Despite the arguments and counter-arguments about the constitutional validity of appointing Rajapaksa as prime minister, internal developments indicate that Sri Lanka is once again plunged into a political crisis that can threaten the relative peace and the stability the country witnessed in the last three and half years of unity government formed with the support of Tamil political alliance, the Tamil National Alliance (TNA). The 19th Amendment to the Constitution of Sri Lanka, Article 33 (a) and (b), gives authority to the President of Sri Lanka to ensure that the Constitution is respected and upheld, and national reconciliation and integration are promoted.

In this context, the country made reasonable progress on reconciliation efforts by establishing the Office of Missing Persons (OMP) and by passing the Office of Reparations Bill based on the recommendations of the UNHRC resolution of 2015. The UNHRC resolution asked the Government of Sri Lanka to establish four transitional justice mechanisms to address the human rights violations that occurred during and after the war in 2009.

In 2009, the government defeated the Liberation Tigers and Tamil Eeelam (LTTE). In the battle, according to the United Nations, nearly 40,000 civilians lost their life and many went missing. The president also announced in October 2018 that all Tamil civilian lands held by the military in northern and eastern provinces will be released by 31 December, 2018.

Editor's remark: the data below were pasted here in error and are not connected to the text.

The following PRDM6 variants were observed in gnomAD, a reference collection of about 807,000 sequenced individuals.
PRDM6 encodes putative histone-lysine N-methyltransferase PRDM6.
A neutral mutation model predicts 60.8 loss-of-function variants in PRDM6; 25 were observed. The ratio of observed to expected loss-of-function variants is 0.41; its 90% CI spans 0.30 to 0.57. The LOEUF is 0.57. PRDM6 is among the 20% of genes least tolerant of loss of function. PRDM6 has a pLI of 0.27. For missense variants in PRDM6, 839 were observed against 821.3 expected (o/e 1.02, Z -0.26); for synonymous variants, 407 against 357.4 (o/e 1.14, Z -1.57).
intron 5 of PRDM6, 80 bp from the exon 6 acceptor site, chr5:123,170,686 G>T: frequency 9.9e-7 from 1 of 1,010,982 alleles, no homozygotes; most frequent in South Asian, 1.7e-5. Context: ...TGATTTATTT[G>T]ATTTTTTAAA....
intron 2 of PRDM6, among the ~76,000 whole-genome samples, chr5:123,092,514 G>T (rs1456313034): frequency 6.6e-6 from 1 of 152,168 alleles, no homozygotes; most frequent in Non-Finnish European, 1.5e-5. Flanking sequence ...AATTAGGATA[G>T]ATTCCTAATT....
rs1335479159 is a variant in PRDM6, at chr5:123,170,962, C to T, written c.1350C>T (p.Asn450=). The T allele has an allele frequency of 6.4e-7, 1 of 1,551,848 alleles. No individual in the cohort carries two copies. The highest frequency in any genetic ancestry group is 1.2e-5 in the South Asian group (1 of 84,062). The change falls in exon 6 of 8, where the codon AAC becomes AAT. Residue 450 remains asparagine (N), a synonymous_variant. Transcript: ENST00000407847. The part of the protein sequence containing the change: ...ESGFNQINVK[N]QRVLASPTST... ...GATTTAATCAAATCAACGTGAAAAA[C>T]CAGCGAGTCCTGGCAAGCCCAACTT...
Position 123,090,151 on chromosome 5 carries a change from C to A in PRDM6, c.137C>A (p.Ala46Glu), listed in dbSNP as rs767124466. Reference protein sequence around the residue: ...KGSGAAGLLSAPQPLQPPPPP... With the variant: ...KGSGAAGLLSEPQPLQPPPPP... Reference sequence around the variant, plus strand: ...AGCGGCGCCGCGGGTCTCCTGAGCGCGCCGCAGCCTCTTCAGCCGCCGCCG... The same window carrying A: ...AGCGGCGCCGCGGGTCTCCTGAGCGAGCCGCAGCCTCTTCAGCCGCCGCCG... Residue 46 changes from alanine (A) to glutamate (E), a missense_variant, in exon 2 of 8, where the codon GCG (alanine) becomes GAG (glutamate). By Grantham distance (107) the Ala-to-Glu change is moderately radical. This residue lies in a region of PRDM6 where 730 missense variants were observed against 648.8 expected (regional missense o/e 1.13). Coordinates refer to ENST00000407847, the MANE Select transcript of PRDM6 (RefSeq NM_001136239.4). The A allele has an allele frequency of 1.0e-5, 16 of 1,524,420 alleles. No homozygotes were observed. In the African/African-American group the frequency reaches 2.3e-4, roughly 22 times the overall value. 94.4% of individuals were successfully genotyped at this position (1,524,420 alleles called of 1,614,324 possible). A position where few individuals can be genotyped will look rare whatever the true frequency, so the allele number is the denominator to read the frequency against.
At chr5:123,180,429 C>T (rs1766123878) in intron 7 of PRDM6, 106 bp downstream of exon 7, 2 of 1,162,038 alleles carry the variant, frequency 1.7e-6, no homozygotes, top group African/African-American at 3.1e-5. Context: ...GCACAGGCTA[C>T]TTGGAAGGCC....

The Sri Lankan Tamil parties extended support to Sirisena in the last presidential elections in 2015 to keep Rajapaksa away from power. By removing Wickremesinghe as prime minister, the moderate gains achieved in the last three years, by raising the trust of the Sri Lankan Tamil community on the State in implementing reconciliation measures in post-war Sri Lanka, may wither away.

The interim report of the Office of Missing Persons (OMP) as well as the report of the Constitutional Task Force on Reconciliation (CTF) present a complex picture pertaining to inter-ethnic relations in post-war Sri Lanka. Both the reports mention the lack of trust on the State institutions, continuing harassment and intimidation by the State authorities in conflict-affected provinces, differences of opinion among communities and political parties on what constitutes justice in post-war scenario, and increasing polarisation of society.

The lack of consensus among political parties in Sri Lana about transitional justice mechanisms, whether it will be domestic or international mechanisms or a combination of both, is also an issue. The Sri Lankan president’s address to the 73rd session of the United Nations General Assembly on 25 September hinted at his support to only domestic mechanism. He thanked the “security forces for their great sacrifices in ushering peace and ensuring territorial integrity of Sri Lanka”. He also requested "the international community to give Sri Lanka an opportunity to resolve their own issues, as the independence of a country is of paramount importance."